It just seems as though our mornings keep getting earlier and earlier. In order to jam in all the sights of the Colca Canyon in one day’s time, we had to leave Arequipa in the middle of the night. Our bus picked us up at 3:30am, and along with about 18 others, we embarked on the 3 hour drive to the beginning of the canyon. As we were all passed out on the entire ride up, I was surprised to wake up to snow-covered peaks upon our arrival. In the mere 3 hours we’d been driving, we had already gone to 4800m/15800ft in altitude. Here we were at the highest point in the canyon, with temperatures around the 20’s, surrounded by volcanoes, in the area appropriately named “Mirador de los Volcanes.” Since we were all half asleep and it was freezing, we lasted 5 minutes outside and then promptly resorted back into the bus for warmth and sleep.
At 13,650 feet deep, the Colca Canyon is one of the deepest canyons in the world, more than twice the depth of the Grand Canyon. Having never been to the Grand Canyon, or any canyon for that matter, the Colca Canyon was near the top of my list of must-do’s for my trip to Peru. Over the next 3 hours, as we made our way into the canyon, we made several stops at a few small villages along the way, including the towns of Chivay and Yanque. These villages were part of the valley within the Colca Canyon, and thrived primarily from agriculture and farming, as seen through their pre-Inca terraces throughout the valley. According to our guide, who was kind of all over the place with his explanations, there were over 80 different types of potatoes and 35 types of corn grown in this valley alone.
By 9:15am, we’d reached the main stop on our tour, Cruz del Condor (Condor Cross), where we would get an up close glimpse at the indigenous Andean Condor. With a wingspan of 10 feet, these condors were known to utilize heat thermals found in this particular area of the valley to glide up through the air without having to flap their wings. For some reason, the best time to catch this activity was from 9-10am, so we got there just in time for the show. We must’ve seen at least 15 of these guys soaring gracefully through the air here in one of the deeper points in the canyon.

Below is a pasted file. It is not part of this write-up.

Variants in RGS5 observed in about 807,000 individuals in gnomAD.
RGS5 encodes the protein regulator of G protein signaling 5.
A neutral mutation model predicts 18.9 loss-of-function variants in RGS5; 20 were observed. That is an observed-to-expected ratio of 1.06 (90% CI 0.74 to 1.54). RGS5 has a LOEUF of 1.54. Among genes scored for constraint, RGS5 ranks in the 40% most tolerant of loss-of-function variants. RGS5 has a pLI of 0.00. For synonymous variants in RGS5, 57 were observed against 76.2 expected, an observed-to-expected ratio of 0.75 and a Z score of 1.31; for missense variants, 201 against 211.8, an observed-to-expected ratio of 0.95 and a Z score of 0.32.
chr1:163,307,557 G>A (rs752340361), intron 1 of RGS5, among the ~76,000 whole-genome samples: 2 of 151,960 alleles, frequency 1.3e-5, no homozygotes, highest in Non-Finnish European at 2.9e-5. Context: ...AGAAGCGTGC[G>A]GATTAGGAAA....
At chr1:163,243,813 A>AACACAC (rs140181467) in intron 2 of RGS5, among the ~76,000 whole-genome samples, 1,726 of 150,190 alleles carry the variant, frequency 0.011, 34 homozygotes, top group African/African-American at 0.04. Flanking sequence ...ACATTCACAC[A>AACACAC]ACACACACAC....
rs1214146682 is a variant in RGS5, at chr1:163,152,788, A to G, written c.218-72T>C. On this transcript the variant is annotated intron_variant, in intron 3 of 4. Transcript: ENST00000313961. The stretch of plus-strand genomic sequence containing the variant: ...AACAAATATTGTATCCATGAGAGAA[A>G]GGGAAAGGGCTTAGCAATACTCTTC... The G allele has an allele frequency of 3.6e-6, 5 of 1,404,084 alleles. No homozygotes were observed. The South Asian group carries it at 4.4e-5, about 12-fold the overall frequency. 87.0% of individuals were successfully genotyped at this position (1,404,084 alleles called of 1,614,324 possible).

After the flight of the condors, we continued on through the valley, stopping at a few more viewpoints to see the valley in near-entirety, with the Colca River bisecting the many intricate terraces built right into the canyon’s walls. After a few stops at these viewpoints, we got to wander out for a longer side trip to the La Calera hot springs to soak our sore muscles in some VERY hot mineral springs situated right outside. There were probably 8 or so “tubs” for visitors to sit in, serviced by the mineral springs nearby and flowing from one tub into another, that each varied in temperature. If you can overlook algae turning some of the pools a bizarre shade of green (this is what they recreate in spas anyways right?!), it was actually a pretty cool experience!
By this point, it was finally time for lunch. Though it sounds like our day should be over by this point, because of our super early rise and the proximity of everything within the valley, it was actually only about 1pm. We stopped at a popular buffet spot called Chapaq Nan, where I tried a variety of traditional Peruvian food across the board: pumpkin soup, fried wontons, alpaca saltado, chicharron (fried pork rinds, kind of like bacon), jumbo corn, more sexy sauce, and even some fresh donuts.
The last stop we made for the day was a brief one at an ecological reserve on our way back to Arequipa, where we could see alpacas, llamas, and vicunas (another relative of the llama) in the wild. At this point, everyone was pretty spent from our long day, so we went outside to snap a few pics and then off we went again. After a slight delay caused by a jack-knifed semi (see below), we finally got dropped back off at our hotel by 5pm. By this point, most attractions were closed, but since we knew we had tomorrow to see a few sights, we just did some gift shopping and enjoyed a chill night getting a nice dinner. On the way to dinner, we encountered a very bizarre sight – young girls started running out onto the streets from a restaurant, squealing and taking pictures, some even crying. We figured it must’ve been some kind of celebrity, and it turned out to be a cute young Asian chick, completely unrecognizable to us. We had no idea what was going on! After we moved on from that bizarre experience, we ended our night at a restaurant called Zingaro, that had some awesome sangria and some innovative fish and steak dishes.